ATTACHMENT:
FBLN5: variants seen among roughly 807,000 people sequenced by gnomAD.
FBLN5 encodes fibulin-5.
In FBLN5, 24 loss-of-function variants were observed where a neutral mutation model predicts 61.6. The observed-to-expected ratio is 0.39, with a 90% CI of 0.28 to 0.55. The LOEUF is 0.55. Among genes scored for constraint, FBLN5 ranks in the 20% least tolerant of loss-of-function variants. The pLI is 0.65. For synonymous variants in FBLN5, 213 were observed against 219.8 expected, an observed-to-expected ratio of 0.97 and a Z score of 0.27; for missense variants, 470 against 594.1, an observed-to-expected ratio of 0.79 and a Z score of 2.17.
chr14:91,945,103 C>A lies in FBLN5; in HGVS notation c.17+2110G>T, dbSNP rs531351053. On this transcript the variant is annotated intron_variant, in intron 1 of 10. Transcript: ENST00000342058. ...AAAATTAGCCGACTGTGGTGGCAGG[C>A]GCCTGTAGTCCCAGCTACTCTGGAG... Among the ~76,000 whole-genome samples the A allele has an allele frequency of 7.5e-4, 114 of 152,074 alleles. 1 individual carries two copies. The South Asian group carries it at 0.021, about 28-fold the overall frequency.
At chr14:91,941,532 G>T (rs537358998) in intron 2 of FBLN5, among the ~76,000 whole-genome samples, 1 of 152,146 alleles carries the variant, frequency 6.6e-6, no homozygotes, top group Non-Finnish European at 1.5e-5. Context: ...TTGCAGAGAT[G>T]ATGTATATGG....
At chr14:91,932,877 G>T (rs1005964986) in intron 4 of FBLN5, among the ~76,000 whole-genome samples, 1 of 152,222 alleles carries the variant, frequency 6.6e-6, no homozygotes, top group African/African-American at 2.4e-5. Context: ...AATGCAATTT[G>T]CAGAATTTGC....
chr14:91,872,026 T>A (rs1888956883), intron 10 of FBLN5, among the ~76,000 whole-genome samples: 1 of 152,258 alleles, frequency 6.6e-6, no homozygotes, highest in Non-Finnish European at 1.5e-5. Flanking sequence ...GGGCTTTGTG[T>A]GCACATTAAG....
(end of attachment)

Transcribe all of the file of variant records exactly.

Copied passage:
FBLN5: variants seen among roughly 807,000 people sequenced by gnomAD.
FBLN5 encodes fibulin-5.
In FBLN5, 24 loss-of-function variants were observed where a neutral mutation model predicts 61.6. The observed-to-expected ratio is 0.39, with a 90% CI of 0.28 to 0.55. The LOEUF is 0.55. Among genes scored for constraint, FBLN5 ranks in the 20% least tolerant of loss-of-function variants. The pLI is 0.65. For synonymous variants in FBLN5, 213 were observed against 219.8 expected, an observed-to-expected ratio of 0.97 and a Z score of 0.27; for missense variants, 470 against 594.1, an observed-to-expected ratio of 0.79 and a Z score of 2.17.
chr14:91,945,103 C>A lies in FBLN5; in HGVS notation c.17+2110G>T, dbSNP rs531351053. On this transcript the variant is annotated intron_variant, in intron 1 of 10. Transcript: ENST00000342058. ...AAAATTAGCCGACTGTGGTGGCAGG[C>A]GCCTGTAGTCCCAGCTACTCTGGAG... Among the ~76,000 whole-genome samples the A allele has an allele frequency of 7.5e-4, 114 of 152,074 alleles. 1 individual carries two copies. The South Asian group carries it at 0.021, about 28-fold the overall frequency.
At chr14:91,941,532 G>T (rs537358998) in intron 2 of FBLN5, among the ~76,000 whole-genome samples, 1 of 152,146 alleles carries the variant, frequency 6.6e-6, no homozygotes, top group Non-Finnish European at 1.5e-5. Context: ...TTGCAGAGAT[G>T]ATGTATATGG....
At chr14:91,932,877 G>T (rs1005964986) in intron 4 of FBLN5, among the ~76,000 whole-genome samples, 1 of 152,222 alleles carries the variant, frequency 6.6e-6, no homozygotes, top group African/African-American at 2.4e-5. Context: ...AATGCAATTT[G>T]CAGAATTTGC....
chr14:91,872,026 T>A (rs1888956883), intron 10 of FBLN5, among the ~76,000 whole-genome samples: 1 of 152,258 alleles, frequency 6.6e-6, no homozygotes, highest in Non-Finnish European at 1.5e-5. Flanking sequence ...GGGCTTTGTG[T>A]GCACATTAAG....